I’m sure that you all have your own ideas on this and that there are many other factors to consider. So how do you see this developing and what are the main issues to be addressed?

Back on the pitch I’m looking forward to our match against Man City tomorrow night. It’s what’s become known as a ‘free hit’ and I’m confident that Manuel Pellegrini will set the team up to go and give the Champions a proper go with an attack minded approach. Win or lose if the lads can do that then I’ll be a Happy Hammer.

COYI!


The GoatyGav Column

Who Can Question The Improving Quality Of The Squad?

In life, and in football, change is the only constant. As much as any fan tries to view their football team as a solid, tangible and stable thing, that they know like the back of their hands, there’s no getting away from the fact that, in reality, it’s a living, breathing entity that is constantly developing and evolving. At West Ham we’re probably more used to the fact than fans of the majority of other clubs. Nowadays West Ham wouldn’t be West Ham without some news story emerging. The media love our club, and put so much focus on it, for that very reason and us fans are constantly in a state of flux, wondering what revelation will come to light next, keeping us on constant tenterhooks.

Notwithstanding this continual shifting of West Ham’s tectonic plates there’s been an overall improvement in the team management and playing staff over the last few years. Focusing more on the playing staff than the various gaffers that we’ve had recently the the squad has gone from strength to strength. Not that it ever happens but if everyone was fit and firing the current playing roster looks extremely strong. There’s some talk of Lanzini returning to a matchday squad for Friday’s game against Fulham. If it means any risk to his cruciate ligament recovery then I’d sooner he didn’t however the prospect of Manu lining up alongside Anderson and Arnie is a mouthwatering one.

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So player recruitment has gone up a notch but the good news doesn’t stop there. From the ranks of the Academy we’re starting to see home grown talent come through again. Declan Rice has to be one of the most exciting products of the Academy for many a season. Game in game out he’s consistently running matches from midfield. I can’t remember the last time Declan had a bad game such is his consistency. Alongside Fabianski you’d have to say that, if the season ended today, he’d be nailed on for Hammer Of The Year. Grady Diangana has also impressed. Not as far along his development curve as Declan is Grady has still ‘cut it’ in the games he’s played in the Premier League. With many others like Nathan Holland, Marcus Browne, Jahmal Hector-Ingram, Dan Kemp, Connor Coventry, Xande Silva, Tunji Akinola and, recently signed, Mesaque Dju queuing up to knock on the first team door we may well see others break through from the youth sides in the near future.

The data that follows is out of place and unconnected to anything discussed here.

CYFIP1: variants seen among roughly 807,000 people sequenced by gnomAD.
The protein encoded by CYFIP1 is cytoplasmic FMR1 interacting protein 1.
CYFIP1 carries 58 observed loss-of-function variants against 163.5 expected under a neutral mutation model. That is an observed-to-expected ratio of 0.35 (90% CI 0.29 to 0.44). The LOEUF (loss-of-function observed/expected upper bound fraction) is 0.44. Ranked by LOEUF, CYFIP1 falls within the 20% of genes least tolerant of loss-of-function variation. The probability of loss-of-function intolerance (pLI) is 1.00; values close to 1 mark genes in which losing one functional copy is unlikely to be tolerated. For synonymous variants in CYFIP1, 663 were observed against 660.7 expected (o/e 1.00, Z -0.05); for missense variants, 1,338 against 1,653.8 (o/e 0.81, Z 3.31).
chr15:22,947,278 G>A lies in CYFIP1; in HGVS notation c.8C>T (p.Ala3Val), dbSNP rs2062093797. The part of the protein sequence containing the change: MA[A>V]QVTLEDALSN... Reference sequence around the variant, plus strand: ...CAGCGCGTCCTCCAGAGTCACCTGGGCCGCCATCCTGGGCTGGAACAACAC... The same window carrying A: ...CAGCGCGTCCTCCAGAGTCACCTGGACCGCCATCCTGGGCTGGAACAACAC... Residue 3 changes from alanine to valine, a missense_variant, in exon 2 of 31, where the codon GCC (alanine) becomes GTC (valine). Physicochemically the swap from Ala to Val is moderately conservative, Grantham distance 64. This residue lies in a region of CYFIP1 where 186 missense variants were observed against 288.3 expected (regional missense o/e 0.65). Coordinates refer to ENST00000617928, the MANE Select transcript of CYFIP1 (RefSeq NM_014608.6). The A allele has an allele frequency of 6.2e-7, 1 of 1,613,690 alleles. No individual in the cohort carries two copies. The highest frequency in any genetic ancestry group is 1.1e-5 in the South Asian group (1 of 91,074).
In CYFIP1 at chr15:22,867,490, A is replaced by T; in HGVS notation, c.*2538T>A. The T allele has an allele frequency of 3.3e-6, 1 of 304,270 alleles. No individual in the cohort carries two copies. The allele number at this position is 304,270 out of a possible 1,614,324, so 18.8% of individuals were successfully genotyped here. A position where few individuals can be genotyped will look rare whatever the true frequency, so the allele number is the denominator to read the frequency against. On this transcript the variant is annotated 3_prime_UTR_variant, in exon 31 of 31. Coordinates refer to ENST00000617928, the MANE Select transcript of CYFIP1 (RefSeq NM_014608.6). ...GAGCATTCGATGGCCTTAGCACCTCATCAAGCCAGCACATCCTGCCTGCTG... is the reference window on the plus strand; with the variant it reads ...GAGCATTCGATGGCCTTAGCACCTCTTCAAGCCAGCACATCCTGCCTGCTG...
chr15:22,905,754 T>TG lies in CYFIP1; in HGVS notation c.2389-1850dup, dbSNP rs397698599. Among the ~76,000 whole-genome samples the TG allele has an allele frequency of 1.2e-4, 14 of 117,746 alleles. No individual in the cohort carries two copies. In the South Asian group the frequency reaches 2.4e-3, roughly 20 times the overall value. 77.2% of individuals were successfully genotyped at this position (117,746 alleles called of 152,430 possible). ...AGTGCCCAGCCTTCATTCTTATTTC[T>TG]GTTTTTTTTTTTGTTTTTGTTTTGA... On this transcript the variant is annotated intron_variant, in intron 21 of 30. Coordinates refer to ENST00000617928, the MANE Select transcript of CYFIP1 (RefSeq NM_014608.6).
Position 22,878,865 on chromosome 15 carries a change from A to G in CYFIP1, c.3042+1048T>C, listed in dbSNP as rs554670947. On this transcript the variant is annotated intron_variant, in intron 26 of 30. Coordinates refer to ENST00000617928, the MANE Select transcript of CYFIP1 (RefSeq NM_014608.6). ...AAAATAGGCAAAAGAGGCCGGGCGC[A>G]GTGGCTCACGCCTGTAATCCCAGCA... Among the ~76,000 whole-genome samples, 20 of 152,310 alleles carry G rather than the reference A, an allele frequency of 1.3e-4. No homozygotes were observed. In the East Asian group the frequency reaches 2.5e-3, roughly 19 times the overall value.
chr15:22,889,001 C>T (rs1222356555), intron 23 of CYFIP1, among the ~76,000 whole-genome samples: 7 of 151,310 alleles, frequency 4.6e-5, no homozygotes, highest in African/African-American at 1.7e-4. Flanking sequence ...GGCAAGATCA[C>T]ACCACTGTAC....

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Last night the aforementioned Portugal U19 International signing from Benfica made his home league debut in the West Ham U23 team against Liverpool U23s after a half match taster away to Arsenal U23 (half a match due to the game being abandoned at half time because of adverse weather conditions & not through substitution). Although Dju didn’t see masses of the ball he looked extremely threatening when he did gain possession. Gifted with considerable pace Dju looks like he’s going to be a great asset to West Ham. as early as the 6th minute Dju opened up the oppositon, with three red shirts unable to take the ball off him, before squaring smartly inside the box. Although he was substituted in the second half the Portuguese pace-man showed enough to suggest he’s going to do well.

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The game itself was a decent one to watch in the middle of the park. Sadly the quick, crisp interplay in midfield was rarely matched in the final third of the pitch where the Liverpool youngsters defended without any degree of discomfort. The promising play, most notably from Dan Kemp, for West Ham just lacked that cutting edge with the final ball. Others including Hector-Ingram and Kristijan Belic threatened but chances were few and far between with the final ball often over-hit from both central and wide positions. A great shame as the progression of the moves made decent viewing.

Between the sticks I got my first look at Ghanaian born Joseph Anang who was assured when claiming the ball. There wasn’t much he could have done about the Liverpool, and only, goal and apart from that you couldn’t really fault his performance. I’ll be interested to see how his career progresses and the effect that has on Nathan Trott. In defence Aji Alese made some silly, unnecessary challenges and was lucky to stay on the pitch but recovered to make a superb block on the line in the 83rd minute before getting in the opposition half and hitting a stinging drive just over the bar. Ones to watch from the Reds were captain Paul (who the LFCTV commentator kept referring to as Powell) Glatzel and 66th minute sub Yasser Larouci who both impressed with Glatzel bagging the winner when he tapped in from a ball that was knocked on to him from a pass from out wide on the counter attack.